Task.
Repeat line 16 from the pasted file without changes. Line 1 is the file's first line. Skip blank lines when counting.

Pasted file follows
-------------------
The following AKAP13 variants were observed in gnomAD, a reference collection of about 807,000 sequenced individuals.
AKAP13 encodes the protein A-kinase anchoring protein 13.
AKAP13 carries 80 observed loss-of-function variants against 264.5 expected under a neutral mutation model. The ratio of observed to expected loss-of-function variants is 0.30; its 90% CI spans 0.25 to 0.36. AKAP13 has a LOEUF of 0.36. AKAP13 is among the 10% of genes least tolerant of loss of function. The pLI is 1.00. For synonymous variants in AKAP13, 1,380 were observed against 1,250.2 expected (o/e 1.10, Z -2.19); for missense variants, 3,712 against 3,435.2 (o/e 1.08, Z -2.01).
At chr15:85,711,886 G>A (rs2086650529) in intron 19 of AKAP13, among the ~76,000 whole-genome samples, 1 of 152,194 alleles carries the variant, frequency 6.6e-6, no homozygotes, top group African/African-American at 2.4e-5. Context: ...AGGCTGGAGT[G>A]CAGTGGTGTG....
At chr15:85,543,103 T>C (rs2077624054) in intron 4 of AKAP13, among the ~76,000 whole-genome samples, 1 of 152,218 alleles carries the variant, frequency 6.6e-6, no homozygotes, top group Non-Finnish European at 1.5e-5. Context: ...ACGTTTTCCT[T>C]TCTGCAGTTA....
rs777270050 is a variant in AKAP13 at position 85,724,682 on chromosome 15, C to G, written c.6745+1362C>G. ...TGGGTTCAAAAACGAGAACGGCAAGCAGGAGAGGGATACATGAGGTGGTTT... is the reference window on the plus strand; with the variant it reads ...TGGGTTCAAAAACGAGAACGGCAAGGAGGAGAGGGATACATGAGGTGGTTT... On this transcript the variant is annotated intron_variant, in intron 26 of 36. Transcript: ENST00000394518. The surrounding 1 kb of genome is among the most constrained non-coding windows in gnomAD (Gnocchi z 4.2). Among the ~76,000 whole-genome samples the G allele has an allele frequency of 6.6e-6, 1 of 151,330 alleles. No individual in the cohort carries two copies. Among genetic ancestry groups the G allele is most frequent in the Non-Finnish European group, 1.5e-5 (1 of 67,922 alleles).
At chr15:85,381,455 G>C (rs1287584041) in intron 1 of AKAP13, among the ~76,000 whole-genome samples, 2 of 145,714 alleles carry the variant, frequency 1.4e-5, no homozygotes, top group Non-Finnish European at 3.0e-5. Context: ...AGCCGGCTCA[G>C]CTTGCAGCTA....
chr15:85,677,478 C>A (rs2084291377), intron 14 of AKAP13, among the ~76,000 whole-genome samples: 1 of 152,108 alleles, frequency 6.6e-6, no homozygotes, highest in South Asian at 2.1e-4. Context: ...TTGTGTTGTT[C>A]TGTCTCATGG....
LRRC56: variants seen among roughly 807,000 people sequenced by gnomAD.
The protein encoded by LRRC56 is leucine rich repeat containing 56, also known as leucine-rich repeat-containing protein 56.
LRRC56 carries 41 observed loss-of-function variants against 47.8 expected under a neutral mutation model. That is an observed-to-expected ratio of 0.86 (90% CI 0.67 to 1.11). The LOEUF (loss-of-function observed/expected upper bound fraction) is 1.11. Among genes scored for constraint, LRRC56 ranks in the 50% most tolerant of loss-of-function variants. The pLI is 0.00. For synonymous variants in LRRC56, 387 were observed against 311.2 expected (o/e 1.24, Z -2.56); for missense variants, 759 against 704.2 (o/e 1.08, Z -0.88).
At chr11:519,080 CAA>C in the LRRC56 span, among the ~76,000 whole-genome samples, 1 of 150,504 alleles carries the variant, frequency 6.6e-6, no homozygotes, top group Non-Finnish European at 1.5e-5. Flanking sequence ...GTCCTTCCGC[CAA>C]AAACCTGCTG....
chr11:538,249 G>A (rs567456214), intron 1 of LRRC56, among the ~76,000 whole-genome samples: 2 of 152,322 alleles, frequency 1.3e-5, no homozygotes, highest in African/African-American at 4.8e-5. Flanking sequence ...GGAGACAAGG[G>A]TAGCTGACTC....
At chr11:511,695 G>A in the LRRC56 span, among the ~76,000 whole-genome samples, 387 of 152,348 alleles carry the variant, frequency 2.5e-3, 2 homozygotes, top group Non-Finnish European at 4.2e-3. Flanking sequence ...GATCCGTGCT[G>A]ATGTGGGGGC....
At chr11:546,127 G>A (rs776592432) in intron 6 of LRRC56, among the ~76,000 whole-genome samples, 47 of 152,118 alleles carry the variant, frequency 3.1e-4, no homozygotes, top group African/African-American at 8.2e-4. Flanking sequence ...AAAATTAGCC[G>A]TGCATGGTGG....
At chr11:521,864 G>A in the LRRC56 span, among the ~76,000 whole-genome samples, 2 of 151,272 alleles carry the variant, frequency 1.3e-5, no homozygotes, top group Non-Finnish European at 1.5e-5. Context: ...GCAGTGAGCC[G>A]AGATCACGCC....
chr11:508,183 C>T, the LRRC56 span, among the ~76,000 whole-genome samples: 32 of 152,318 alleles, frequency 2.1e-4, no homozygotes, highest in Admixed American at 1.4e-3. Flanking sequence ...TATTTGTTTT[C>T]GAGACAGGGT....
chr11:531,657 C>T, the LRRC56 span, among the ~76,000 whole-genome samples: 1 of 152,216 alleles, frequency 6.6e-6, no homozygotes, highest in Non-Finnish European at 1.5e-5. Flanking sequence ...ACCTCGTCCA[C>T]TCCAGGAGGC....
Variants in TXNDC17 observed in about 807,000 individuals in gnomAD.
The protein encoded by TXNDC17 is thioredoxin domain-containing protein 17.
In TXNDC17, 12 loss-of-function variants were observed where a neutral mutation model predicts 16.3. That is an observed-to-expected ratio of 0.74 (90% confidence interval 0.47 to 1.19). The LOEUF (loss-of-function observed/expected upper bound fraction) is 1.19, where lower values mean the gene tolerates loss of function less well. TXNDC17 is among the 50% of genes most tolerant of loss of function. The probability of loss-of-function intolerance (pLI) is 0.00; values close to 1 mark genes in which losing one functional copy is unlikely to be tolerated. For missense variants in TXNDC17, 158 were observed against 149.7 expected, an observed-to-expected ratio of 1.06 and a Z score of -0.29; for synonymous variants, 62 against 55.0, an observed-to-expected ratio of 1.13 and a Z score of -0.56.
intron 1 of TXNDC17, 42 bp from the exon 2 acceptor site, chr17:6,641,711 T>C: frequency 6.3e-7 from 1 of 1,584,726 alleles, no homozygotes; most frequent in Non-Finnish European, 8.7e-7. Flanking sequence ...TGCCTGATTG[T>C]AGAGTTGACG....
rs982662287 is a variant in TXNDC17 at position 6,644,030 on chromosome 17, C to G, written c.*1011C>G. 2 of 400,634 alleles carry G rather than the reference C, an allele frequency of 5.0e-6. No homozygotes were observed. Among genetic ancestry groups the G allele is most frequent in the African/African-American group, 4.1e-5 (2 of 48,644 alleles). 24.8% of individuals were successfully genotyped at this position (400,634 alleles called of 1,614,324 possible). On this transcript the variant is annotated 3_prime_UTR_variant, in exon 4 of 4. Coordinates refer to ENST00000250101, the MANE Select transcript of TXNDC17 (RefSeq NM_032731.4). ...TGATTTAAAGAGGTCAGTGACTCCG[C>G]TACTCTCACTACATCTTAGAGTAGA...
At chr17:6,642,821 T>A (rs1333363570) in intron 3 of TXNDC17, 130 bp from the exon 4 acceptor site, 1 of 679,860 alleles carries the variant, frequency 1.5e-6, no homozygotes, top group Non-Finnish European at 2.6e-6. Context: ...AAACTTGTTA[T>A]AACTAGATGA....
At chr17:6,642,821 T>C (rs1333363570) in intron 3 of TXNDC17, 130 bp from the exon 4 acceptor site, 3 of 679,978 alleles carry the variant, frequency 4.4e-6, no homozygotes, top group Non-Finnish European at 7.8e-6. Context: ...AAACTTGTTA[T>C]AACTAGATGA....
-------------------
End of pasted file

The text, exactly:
At chr11:521,864 G>A in the LRRC56 span, among the ~76,000 whole-genome samples, 2 of 151,272 alleles carry the variant, frequency 1.3e-5, no homozygotes, top group Non-Finnish European at 1.5e-5. Context: ...GCAGTGAGCC[G>A]AGATCACGCC....